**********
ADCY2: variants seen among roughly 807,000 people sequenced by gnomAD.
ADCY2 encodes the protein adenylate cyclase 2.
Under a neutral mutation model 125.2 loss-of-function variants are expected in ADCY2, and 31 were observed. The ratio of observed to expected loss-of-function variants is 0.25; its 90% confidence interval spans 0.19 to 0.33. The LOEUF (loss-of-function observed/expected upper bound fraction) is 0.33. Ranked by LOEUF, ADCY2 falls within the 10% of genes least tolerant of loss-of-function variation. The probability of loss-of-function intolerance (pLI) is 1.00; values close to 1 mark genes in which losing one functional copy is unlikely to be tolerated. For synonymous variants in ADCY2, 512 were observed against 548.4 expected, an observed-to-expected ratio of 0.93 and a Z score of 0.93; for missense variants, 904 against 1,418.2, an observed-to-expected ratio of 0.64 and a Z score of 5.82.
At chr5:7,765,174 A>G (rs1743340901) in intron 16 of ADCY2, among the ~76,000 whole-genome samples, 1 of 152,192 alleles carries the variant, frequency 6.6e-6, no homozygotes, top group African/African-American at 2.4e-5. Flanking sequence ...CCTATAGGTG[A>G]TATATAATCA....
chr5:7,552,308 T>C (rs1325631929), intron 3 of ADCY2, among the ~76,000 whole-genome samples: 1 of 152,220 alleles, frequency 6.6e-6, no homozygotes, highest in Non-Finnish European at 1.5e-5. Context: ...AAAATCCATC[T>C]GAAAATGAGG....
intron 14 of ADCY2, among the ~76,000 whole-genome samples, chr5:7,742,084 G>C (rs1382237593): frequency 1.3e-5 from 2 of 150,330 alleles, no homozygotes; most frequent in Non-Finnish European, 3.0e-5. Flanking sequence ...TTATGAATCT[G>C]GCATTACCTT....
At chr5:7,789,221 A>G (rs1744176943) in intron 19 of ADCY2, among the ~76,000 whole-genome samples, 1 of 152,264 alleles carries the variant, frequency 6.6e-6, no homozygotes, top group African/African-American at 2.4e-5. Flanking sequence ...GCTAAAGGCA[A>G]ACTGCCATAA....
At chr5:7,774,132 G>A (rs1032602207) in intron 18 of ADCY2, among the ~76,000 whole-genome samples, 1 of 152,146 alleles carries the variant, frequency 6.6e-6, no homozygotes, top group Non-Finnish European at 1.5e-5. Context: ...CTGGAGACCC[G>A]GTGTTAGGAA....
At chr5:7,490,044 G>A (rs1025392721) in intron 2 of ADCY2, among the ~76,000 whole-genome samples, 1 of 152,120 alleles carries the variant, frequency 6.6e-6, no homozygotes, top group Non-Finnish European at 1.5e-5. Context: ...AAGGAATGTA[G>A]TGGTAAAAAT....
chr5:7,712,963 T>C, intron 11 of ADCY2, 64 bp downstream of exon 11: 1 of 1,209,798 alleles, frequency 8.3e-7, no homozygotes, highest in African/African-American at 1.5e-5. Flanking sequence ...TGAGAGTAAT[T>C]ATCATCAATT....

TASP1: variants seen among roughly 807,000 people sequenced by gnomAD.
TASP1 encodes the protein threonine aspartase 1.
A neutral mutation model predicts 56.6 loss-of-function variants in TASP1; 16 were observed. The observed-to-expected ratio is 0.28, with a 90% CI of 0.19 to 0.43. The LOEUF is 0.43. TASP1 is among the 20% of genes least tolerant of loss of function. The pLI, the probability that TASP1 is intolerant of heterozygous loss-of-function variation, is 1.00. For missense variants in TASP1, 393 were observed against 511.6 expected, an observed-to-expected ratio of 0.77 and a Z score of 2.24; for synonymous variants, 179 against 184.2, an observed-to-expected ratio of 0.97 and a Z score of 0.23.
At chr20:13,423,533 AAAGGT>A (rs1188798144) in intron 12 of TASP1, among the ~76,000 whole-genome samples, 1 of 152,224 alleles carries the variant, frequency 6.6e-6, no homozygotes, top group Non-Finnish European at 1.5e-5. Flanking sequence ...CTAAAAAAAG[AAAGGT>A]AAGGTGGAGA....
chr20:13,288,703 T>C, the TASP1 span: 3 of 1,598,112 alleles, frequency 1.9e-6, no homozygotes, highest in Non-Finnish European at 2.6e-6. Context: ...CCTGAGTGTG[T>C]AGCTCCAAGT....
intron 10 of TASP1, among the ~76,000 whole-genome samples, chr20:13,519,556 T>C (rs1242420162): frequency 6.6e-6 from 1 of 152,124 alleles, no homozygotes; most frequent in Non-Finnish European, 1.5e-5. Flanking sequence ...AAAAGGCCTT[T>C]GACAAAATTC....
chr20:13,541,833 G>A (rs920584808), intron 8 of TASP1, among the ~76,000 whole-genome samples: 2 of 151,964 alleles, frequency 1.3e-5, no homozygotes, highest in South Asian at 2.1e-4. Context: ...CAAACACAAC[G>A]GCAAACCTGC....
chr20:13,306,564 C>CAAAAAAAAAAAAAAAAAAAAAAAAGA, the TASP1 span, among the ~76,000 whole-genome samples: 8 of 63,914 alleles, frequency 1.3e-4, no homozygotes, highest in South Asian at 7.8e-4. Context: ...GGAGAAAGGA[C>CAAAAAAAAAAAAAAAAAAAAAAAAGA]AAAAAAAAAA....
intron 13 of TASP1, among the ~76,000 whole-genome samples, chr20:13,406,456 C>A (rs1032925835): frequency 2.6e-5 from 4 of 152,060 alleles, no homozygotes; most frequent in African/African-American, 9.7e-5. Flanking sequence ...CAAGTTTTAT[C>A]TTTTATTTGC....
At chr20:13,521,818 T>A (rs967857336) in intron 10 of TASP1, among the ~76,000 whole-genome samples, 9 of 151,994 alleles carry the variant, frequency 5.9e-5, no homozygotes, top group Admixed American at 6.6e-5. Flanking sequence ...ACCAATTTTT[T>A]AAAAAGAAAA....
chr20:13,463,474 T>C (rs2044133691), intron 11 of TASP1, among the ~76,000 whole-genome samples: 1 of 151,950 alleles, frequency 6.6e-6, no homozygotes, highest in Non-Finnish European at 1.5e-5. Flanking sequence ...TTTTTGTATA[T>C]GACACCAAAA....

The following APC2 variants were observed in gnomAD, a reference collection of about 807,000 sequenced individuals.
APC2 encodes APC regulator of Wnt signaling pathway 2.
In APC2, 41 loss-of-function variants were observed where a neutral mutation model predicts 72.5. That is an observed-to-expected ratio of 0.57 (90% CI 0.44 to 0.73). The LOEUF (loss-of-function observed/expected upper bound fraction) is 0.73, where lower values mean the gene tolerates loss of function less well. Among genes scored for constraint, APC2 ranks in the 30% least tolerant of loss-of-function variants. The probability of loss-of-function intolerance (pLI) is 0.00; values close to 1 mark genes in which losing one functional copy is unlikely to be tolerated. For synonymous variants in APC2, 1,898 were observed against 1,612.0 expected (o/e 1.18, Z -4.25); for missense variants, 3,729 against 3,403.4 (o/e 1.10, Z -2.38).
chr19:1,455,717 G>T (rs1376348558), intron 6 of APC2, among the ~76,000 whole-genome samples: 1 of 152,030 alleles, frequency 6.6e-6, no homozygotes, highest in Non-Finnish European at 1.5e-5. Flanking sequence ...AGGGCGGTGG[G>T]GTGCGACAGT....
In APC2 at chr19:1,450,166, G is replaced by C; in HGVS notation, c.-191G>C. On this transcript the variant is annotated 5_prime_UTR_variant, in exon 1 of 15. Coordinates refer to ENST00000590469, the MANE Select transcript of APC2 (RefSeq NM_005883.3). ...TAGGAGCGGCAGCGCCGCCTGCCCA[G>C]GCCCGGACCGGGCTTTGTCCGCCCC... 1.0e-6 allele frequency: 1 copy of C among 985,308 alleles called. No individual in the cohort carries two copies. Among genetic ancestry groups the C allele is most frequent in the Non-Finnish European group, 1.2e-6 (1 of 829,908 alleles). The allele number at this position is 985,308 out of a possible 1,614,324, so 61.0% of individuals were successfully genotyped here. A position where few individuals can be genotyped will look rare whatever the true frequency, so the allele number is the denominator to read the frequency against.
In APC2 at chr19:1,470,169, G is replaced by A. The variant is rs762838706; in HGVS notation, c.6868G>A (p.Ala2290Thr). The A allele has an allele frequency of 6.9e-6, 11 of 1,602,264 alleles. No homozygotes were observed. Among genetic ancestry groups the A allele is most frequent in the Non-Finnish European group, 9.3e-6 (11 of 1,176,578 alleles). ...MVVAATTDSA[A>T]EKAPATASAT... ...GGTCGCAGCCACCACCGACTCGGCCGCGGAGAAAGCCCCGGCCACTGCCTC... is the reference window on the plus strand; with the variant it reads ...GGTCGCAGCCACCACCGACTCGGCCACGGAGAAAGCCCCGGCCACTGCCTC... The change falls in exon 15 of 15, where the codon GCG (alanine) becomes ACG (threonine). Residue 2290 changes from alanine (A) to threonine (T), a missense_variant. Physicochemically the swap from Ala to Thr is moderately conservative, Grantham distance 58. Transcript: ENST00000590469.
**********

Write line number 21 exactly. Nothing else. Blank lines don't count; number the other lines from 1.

chr20:13,463,474 T>C (rs2044133691), intron 11 of TASP1, among the ~76,000 whole-genome samples: 1 of 151,950 alleles, frequency 6.6e-6, no homozygotes, highest in Non-Finnish European at 1.5e-5. Flanking sequence ...TTTTTGTATA[T>C]GACACCAAAA....